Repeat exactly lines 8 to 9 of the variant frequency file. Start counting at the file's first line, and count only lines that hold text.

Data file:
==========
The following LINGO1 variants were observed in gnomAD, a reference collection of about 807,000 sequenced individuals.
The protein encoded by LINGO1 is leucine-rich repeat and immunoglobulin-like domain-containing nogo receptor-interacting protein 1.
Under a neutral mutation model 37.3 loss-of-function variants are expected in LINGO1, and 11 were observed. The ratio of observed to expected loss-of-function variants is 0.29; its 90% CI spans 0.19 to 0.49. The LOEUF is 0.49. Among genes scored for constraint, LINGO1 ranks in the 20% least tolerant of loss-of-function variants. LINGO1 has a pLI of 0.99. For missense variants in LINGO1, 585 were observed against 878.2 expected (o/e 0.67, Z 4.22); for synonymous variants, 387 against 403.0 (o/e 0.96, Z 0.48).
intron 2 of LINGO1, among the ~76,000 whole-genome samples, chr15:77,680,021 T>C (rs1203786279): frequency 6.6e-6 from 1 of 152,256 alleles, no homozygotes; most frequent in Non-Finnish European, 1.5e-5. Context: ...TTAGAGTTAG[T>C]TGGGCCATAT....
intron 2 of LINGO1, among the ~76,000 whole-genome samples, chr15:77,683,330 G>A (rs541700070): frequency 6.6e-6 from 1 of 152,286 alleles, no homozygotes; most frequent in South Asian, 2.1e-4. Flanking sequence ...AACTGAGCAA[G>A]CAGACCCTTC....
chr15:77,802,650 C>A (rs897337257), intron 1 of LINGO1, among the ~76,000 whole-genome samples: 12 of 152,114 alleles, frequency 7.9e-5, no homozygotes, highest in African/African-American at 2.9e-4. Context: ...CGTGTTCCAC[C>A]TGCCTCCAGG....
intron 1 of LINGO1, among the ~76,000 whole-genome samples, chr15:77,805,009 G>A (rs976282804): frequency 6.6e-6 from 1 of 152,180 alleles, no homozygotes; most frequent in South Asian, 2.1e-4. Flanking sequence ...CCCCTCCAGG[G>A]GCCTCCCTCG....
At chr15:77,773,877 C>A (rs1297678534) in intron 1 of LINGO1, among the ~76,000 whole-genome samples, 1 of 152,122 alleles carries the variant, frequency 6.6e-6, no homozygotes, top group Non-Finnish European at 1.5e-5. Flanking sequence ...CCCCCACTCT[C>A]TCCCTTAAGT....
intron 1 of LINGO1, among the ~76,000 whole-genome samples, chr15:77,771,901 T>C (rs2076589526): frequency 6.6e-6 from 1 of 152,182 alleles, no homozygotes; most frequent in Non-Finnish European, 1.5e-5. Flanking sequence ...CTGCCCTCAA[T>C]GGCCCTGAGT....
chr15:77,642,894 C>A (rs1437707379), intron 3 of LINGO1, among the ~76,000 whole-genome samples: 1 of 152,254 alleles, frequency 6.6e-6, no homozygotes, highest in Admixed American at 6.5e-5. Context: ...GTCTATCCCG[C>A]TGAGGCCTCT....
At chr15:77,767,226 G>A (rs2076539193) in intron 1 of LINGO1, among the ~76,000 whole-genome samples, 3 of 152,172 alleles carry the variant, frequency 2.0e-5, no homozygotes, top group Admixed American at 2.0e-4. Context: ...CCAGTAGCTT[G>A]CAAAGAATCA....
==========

At chr15:77,773,877 C>A (rs1297678534) in intron 1 of LINGO1, among the ~76,000 whole-genome samples, 1 of 152,122 alleles carries the variant, frequency 6.6e-6, no homozygotes, top group Non-Finnish European at 1.5e-5. Flanking sequence ...CCCCCACTCT[C>A]TCCCTTAAGT....
intron 1 of LINGO1, among the ~76,000 whole-genome samples, chr15:77,771,901 T>C (rs2076589526): frequency 6.6e-6 from 1 of 152,182 alleles, no homozygotes; most frequent in Non-Finnish European, 1.5e-5. Flanking sequence ...CTGCCCTCAA[T>C]GGCCCTGAGT....